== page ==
Real vs artificial christmas tree

OK, it’s nearly Christmas for those that celebrate it. If you do, you’re probably thinking of moving all that loft junk out of the way once again and digging the fake tree out for yet another year. Alternatively, you may choose to go on the hunt in London for a real one. If you don’t currently have a Christmas tree at all, the obvious question to ask yourself is “should I choose a real or artificial Christmas tree?”

From a purely environmental standpoint, a natural coniferous tree is by far the most responsible choice – Why? Well, let’s see what the The Carbon Trust has to say about it:

“A real pine or fir tree naturally absorbs CO2 and releases oxygen. The Carbon Trust estimates that a 2 metre artificial tree has a carbon footprint around 40kg CO2: more than ten times that of real trees that are burnt”.

Here in London, it’s relatively easy to recycle your old tree without the need to burn it, so the savings in terms of your carbon footprint are even greater. It’s also worth bearing in mind that a real Christmas tree provides a home for all sorts of wildlife throughout the year whilst it’s growing and is also one of Nature’s natural Hoovers by absorbing pollutants, dust and pollen from the air.

In addition to the eco-friendly benefits, there are plenty of other reasons for choosing a real pine/fir tree. According to a 2004 study to see what the nation’s favourite smells were, the whiff of an authentic Christmas Tree was right up there in the top 10 of the list, and only a single place behind the smell of perfume.

According to UK stats, the ratio of people who choose a real tree compared to a fake one is about 50/50. According to the BCTG (British Christmas Tree Growers’ Association) estimate that about 1/3 of households have a traditional tree, 1/3 have an artificial tree and the remaining 1/3 have no tree at all.

Where can I buy a real Christmas tree in London?

Whilst there are a multitude of outlets, chain-stores and small vendors in London to buy real Christmas trees, if you want to support the BCTG, there are several places in London to choose from. The Christmas Forest has numerous outlets dotted around London including Dulwich, Highbury, Hackney, Ealing, Kensal Green, Putney, Finsbury Park, Lavender Hill, Richmond and Stoke Newington.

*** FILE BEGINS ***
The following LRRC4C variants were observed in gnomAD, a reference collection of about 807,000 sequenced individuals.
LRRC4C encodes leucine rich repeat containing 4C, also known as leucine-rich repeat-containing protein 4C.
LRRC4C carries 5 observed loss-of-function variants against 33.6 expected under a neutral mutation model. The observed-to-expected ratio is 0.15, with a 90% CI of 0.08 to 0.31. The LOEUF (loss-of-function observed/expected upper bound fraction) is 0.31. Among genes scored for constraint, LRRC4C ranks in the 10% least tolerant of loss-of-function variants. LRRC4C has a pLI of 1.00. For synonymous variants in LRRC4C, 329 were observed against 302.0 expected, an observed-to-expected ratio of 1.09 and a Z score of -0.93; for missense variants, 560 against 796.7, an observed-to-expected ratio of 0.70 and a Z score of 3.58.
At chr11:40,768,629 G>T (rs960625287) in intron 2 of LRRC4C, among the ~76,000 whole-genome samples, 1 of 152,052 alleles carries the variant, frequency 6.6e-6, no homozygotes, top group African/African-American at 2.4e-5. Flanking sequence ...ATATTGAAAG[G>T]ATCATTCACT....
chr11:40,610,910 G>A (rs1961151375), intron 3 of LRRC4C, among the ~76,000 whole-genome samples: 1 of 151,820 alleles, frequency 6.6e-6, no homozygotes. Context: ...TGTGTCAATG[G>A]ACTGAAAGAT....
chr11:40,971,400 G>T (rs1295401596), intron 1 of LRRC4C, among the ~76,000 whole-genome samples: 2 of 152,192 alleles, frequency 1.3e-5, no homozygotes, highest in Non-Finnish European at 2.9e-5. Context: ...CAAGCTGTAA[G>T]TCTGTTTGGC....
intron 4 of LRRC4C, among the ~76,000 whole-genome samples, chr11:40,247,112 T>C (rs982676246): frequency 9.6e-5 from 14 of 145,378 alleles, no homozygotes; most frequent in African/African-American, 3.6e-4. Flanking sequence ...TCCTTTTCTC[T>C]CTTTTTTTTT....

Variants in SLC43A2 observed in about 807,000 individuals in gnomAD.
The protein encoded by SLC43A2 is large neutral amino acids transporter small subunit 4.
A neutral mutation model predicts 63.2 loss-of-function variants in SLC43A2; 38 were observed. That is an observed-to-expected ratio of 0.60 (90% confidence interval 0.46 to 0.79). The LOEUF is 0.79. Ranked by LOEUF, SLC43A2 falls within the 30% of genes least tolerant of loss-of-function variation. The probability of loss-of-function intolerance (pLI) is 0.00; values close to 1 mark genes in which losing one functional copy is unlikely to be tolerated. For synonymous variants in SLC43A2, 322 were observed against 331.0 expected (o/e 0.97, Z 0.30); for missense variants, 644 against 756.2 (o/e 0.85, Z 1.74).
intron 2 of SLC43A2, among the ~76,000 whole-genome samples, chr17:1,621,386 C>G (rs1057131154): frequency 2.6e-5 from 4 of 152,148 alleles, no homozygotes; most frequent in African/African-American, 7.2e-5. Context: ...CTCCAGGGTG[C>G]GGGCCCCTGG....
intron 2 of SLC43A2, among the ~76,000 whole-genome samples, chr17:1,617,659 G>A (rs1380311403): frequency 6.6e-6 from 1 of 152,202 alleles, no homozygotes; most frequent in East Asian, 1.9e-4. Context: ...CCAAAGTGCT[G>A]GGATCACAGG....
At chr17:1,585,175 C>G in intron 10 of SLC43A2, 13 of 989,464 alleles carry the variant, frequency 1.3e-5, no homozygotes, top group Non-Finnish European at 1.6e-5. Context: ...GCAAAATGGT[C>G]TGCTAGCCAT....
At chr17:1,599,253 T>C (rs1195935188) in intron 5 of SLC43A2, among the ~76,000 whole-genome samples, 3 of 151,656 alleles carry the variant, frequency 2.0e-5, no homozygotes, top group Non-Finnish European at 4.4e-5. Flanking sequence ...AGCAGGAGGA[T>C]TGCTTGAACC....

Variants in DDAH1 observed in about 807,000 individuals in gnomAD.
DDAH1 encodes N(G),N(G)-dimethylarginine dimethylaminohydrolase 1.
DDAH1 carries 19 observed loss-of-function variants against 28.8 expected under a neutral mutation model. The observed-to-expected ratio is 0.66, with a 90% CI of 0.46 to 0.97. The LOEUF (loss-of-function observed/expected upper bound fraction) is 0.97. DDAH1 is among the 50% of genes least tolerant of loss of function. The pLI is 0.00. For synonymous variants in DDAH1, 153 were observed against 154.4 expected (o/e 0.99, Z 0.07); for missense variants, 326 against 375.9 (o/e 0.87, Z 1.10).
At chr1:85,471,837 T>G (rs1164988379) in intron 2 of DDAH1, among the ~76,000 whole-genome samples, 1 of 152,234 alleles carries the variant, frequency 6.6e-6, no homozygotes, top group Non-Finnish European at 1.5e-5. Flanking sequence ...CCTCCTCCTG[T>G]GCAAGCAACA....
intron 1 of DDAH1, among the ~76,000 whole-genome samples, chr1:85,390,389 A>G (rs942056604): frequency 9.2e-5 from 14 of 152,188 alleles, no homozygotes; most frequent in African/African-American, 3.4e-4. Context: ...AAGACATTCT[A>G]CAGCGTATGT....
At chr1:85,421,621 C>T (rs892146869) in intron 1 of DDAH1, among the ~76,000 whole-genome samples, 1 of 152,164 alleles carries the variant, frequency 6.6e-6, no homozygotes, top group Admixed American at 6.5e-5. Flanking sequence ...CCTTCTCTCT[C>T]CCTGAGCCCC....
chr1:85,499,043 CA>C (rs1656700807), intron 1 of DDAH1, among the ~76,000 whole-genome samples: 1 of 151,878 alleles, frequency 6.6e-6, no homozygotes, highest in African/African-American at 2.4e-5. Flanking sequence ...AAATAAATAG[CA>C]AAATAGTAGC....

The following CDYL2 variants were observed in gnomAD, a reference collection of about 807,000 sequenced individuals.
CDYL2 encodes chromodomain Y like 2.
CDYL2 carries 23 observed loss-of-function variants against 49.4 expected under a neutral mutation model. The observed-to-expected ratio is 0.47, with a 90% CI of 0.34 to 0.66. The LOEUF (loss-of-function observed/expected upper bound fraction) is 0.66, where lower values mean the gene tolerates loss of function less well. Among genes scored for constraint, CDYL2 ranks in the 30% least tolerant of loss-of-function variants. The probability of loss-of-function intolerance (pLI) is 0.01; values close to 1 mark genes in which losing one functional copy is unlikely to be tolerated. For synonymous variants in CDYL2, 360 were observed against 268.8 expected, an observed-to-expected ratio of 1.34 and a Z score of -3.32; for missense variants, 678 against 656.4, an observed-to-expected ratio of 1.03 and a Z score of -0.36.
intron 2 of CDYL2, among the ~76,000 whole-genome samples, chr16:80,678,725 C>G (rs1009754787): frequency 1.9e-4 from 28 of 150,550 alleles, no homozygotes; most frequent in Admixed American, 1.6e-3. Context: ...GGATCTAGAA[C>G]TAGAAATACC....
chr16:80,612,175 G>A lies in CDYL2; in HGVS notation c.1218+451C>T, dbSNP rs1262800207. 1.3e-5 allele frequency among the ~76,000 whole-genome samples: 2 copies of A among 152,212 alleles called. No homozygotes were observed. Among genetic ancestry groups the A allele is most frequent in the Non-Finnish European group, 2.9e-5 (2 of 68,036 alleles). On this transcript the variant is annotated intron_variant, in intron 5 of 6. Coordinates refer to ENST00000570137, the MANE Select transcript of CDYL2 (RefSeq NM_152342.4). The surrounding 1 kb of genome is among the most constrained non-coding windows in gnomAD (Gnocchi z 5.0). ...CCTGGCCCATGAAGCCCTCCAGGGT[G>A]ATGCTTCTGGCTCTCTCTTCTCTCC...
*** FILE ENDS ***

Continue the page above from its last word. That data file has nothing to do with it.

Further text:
What do I do with my tree after Christmas?

Many of London’s local authorities will pick up your tree along with your normal garden waste but bear in mind that if it’s large with a trunk more than 2 inches in diameter you may have to dispose of it yourself.

Once collected by or delivered to your local council’s recycling depot, your tree will be taken with all the other garden waste where it will be chipped down so that it can be turned into compost. If your local authority sells compost, this could also mean that you end up putting some of it back in your own garden the following year. Be aware that each London authority is different so make sure you check their website to find out more about what services apply in your area.

If you don’t have the time or inclination to deal with the disposal of your tree and you have other post-Xmas rubbish to clear, you can always take advantage of Metro Waste’s rubbish clearance service, where we’ll do all the hard work for you instead.

Depending on where you bought your Christmas tree from, some outlets will allow you to return it to them after Christmas for disposal, so it’s also worth checking with them too.

Fascinating Christmas Tree Facts

  1. One acre of living Christmas trees can provide enough oxygen for the daily requirements of 18 people.
  2. According to the University of Illinois, the first decorated Christmas tree was in Riga, Latvia in 1510 and the first printed reference to Christmas trees appeared in Germany in 1531.
  3. As most people know, the traditional day to take down Christmas decorations is on the 6th of January (otherwise known as the twelfth day of Christmas). If you leave them up for longer, it’s traditionally regarded as bad luck.
  4. In times gone by, local peasants were allowed 12 days of Merrymaking over the Christmas period. After this, all decorations were swiftly removed as a clear sign that the party was over and it was time to get back to work.

Support Local Businesses

As we mentioned earlier, buying an authentic Christmas tree helps local London businesses and the staff they employ. Opting to buy a new artificial tree isn’t a great option because of the high carbon footprint caused by the manufacturing and transportation process. When you consider that most artificial trees are manufactured abroad (mainly in China) you can understand the cumulative negative carbon effect on the planet.

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